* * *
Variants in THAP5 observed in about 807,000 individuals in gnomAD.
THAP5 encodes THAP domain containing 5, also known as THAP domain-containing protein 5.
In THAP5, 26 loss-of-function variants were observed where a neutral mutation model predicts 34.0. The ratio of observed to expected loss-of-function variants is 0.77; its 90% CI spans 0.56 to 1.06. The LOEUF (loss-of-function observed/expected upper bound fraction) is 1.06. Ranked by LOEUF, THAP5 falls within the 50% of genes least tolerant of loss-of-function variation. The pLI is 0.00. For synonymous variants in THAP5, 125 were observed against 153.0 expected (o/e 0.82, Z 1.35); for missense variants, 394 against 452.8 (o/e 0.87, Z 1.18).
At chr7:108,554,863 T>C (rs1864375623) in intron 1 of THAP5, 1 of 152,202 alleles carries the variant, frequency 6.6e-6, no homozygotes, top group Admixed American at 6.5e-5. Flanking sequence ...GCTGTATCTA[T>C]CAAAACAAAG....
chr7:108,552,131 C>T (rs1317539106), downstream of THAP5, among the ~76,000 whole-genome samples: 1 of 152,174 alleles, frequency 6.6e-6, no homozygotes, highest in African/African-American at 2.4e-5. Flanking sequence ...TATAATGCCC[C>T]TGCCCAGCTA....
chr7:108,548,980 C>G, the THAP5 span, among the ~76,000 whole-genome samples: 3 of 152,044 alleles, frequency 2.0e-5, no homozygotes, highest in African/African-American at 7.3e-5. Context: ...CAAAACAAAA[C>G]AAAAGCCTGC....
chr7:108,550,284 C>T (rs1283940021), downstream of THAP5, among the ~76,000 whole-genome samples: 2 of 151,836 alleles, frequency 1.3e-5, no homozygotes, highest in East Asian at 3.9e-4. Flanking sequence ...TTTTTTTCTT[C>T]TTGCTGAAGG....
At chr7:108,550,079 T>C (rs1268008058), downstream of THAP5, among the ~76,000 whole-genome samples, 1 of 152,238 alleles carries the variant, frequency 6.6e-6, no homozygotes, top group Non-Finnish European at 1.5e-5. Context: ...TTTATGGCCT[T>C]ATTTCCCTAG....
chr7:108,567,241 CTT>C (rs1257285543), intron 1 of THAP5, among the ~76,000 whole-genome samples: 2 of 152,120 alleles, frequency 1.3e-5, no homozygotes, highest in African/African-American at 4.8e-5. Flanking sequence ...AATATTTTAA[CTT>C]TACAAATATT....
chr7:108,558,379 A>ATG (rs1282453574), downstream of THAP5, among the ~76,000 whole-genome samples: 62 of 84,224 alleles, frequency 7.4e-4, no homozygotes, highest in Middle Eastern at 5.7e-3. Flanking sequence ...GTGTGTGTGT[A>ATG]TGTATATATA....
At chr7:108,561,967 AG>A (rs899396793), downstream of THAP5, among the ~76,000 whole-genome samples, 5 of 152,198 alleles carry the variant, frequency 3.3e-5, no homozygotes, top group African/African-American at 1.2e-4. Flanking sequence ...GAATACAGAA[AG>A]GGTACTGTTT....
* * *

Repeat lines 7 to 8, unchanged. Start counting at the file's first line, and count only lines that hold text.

chr7:108,550,284 C>T (rs1283940021), downstream of THAP5, among the ~76,000 whole-genome samples: 2 of 151,836 alleles, frequency 1.3e-5, no homozygotes, highest in East Asian at 3.9e-4. Flanking sequence ...TTTTTTTCTT[C>T]TTGCTGAAGG....
At chr7:108,550,079 T>C (rs1268008058), downstream of THAP5, among the ~76,000 whole-genome samples, 1 of 152,238 alleles carries the variant, frequency 6.6e-6, no homozygotes, top group Non-Finnish European at 1.5e-5. Context: ...TTTATGGCCT[T>C]ATTTCCCTAG....